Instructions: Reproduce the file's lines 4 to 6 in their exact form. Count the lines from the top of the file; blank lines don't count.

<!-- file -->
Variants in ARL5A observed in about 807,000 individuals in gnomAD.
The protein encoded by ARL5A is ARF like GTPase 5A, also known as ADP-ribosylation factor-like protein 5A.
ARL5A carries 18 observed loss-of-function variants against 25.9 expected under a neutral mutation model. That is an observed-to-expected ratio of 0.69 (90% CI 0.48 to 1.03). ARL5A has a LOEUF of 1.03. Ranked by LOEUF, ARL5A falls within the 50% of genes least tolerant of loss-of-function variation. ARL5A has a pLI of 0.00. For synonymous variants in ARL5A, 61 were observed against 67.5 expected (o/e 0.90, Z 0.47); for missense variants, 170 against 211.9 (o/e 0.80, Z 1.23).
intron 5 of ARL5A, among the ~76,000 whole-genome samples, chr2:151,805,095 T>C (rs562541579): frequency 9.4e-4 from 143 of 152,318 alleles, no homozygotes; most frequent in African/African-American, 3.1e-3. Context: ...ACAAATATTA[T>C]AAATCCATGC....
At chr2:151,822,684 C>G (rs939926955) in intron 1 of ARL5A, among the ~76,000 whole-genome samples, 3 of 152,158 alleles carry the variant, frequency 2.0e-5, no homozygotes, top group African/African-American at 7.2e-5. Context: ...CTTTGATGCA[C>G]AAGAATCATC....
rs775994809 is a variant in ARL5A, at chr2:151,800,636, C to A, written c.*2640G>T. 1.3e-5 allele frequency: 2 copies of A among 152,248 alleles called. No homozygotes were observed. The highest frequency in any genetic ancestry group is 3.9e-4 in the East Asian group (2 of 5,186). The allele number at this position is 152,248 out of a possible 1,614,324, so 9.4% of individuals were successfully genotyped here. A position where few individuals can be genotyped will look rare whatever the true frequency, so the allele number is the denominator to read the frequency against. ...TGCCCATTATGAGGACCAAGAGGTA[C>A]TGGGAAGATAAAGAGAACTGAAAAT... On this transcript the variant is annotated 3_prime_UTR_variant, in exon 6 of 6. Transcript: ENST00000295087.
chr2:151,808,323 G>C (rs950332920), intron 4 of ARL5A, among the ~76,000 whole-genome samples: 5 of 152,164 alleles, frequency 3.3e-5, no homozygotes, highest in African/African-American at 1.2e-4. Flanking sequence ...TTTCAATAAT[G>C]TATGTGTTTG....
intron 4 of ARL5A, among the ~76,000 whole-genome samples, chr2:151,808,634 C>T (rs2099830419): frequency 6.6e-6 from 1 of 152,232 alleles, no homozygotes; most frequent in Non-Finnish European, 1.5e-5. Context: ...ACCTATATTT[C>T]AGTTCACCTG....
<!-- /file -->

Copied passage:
intron 5 of ARL5A, among the ~76,000 whole-genome samples, chr2:151,805,095 T>C (rs562541579): frequency 9.4e-4 from 143 of 152,318 alleles, no homozygotes; most frequent in African/African-American, 3.1e-3. Context: ...ACAAATATTA[T>C]AAATCCATGC....
At chr2:151,822,684 C>G (rs939926955) in intron 1 of ARL5A, among the ~76,000 whole-genome samples, 3 of 152,158 alleles carry the variant, frequency 2.0e-5, no homozygotes, top group African/African-American at 7.2e-5. Context: ...CTTTGATGCA[C>G]AAGAATCATC....
rs775994809 is a variant in ARL5A, at chr2:151,800,636, C to A, written c.*2640G>T. 1.3e-5 allele frequency: 2 copies of A among 152,248 alleles called. No homozygotes were observed. The highest frequency in any genetic ancestry group is 3.9e-4 in the East Asian group (2 of 5,186). The allele number at this position is 152,248 out of a possible 1,614,324, so 9.4% of individuals were successfully genotyped here. A position where few individuals can be genotyped will look rare whatever the true frequency, so the allele number is the denominator to read the frequency against. ...TGCCCATTATGAGGACCAAGAGGTA[C>A]TGGGAAGATAAAGAGAACTGAAAAT... On this transcript the variant is annotated 3_prime_UTR_variant, in exon 6 of 6. Transcript: ENST00000295087.